- Only a third of employers (34%) have a formal written policy or an informal verbal policy in place to support carers – decreasing to only 18% for private sector employers.
- Carers UK and Employers for Carers found that nearly one in four carers (23%) do not receive any support from their employer.
- Employers for Carers found that 71% of working carers have felt lonely or isolated in the workplace as a result of being a carer.
- Carers UK report that over a third (35%) of carers have given up work to care and 16% have reduced their hours.
- Only 4% of carers say caring has no impact on their capacity to work.
- 43% of carers feel that colleagues and managers do not understand the impact of caring.
- A survey of distance carers found that 43% felt their work had been negatively affected by caring and that they felt tired, stressed and anxious. One in ten cared for more than one person.
How to care for carers at work: Creating a supportive work environment for carers
To care for your carers at work it’s important to create an understanding and inclusive work environment for working carers. This involves policy adjustments, flexible work arrangements, and most importantly, a cultural shift.
Here are some steps businesses can take when caring for carers at work:
Step 1. Encourage open dialogue: Foster a culture where employees feel comfortable discussing their caregiving responsibilities. This open dialogue can help you understand their unique needs and challenges. Consider setting up an internal carers support group for employees facing the same difficulties to feel less isolated.
Step 2. Implement flexible work arrangements: Flexibility is vital for working carers. Consider options like remote working, flexible hours, or job-sharing.
Step 3. Provide resources and support: Offer resources such as Employee Assistance Programs (EAPs) which can provide counselling and other support services. Partner with organizations that provide support for carers and share these resources with your employees.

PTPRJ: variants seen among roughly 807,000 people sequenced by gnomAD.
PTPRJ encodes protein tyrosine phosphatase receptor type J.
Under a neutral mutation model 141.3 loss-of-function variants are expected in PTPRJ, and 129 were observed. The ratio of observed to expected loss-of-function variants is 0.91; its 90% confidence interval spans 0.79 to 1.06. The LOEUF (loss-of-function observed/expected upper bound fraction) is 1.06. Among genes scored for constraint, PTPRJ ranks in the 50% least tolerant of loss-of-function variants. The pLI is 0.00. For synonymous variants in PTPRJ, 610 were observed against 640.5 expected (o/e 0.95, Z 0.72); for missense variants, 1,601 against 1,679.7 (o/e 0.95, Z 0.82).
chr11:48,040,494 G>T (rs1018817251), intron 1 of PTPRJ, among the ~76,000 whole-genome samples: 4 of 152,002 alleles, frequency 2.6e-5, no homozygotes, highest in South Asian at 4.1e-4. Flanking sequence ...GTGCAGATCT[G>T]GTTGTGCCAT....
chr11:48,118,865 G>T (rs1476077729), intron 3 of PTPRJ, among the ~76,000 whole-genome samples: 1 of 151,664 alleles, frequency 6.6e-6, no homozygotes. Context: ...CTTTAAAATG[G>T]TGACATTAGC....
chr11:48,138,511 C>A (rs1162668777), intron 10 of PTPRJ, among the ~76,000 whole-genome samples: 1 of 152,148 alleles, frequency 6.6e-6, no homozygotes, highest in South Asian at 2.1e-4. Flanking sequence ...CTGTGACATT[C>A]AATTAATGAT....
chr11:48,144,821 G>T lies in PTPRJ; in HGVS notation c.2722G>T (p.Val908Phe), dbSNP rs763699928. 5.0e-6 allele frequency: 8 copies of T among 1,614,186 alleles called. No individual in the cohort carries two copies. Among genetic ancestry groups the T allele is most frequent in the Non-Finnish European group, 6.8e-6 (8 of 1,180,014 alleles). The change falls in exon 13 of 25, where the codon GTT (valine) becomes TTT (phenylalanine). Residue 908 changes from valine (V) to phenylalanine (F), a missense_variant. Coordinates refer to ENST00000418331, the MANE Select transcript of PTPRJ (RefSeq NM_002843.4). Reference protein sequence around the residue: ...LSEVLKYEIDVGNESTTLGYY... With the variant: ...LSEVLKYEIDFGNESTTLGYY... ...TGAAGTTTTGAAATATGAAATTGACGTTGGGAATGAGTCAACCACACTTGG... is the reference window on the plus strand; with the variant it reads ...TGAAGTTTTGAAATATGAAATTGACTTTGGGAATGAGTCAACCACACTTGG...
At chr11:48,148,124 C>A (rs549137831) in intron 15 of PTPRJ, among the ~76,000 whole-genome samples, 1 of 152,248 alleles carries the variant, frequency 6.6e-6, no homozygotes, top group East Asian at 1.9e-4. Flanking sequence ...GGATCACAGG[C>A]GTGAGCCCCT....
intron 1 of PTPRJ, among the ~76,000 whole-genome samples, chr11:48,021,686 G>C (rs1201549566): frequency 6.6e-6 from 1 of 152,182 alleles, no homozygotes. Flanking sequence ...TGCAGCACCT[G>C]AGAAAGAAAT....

Step 4. Recognise and reward: Recognise the skills and qualities that working carers bring to the table. This recognition can come in the form of career development opportunities or rewards for their contributions.
Step 5: Keep abreast of regulation: The Carer’s Leave Act 2023 is likely to be implemented in April 2024. This Act give employees with caring responsibilities the legal right to take five days’ off each year to carry out those responsibilities for someone who is old, has a disability or an illness/injury lasting more than 3 months. The days will be unpaid and can be taken in full days or half days.
It is time we give working carers the recognition and support they deserve. Let’s create workplaces where every employee, regardless of their personal circumstances, feels valued, supported, and equipped to deal with the day-to-day pressures they face. Let them know that we understand what they are going through and that we support and champion their health and wellbeing.
Supporting working carers is an investment that yields rich dividends in the form of a more engaged, resilient, and diverse workforce.
For an employer’s toolkit visit: https://www.bitc.org.uk/toolkit/supporting-carers-in-the-workplace/
For an employee’s guide developed by Carers for Carers click here – This carers’ guide focuses on striking a balance between professional life and caregiving responsibilities. This guide highlights the top 10 life skills developed by carers, which can greatly assist in managing both aspects effectively. It also includes a compelling real-life case study to illustrate these skills in action.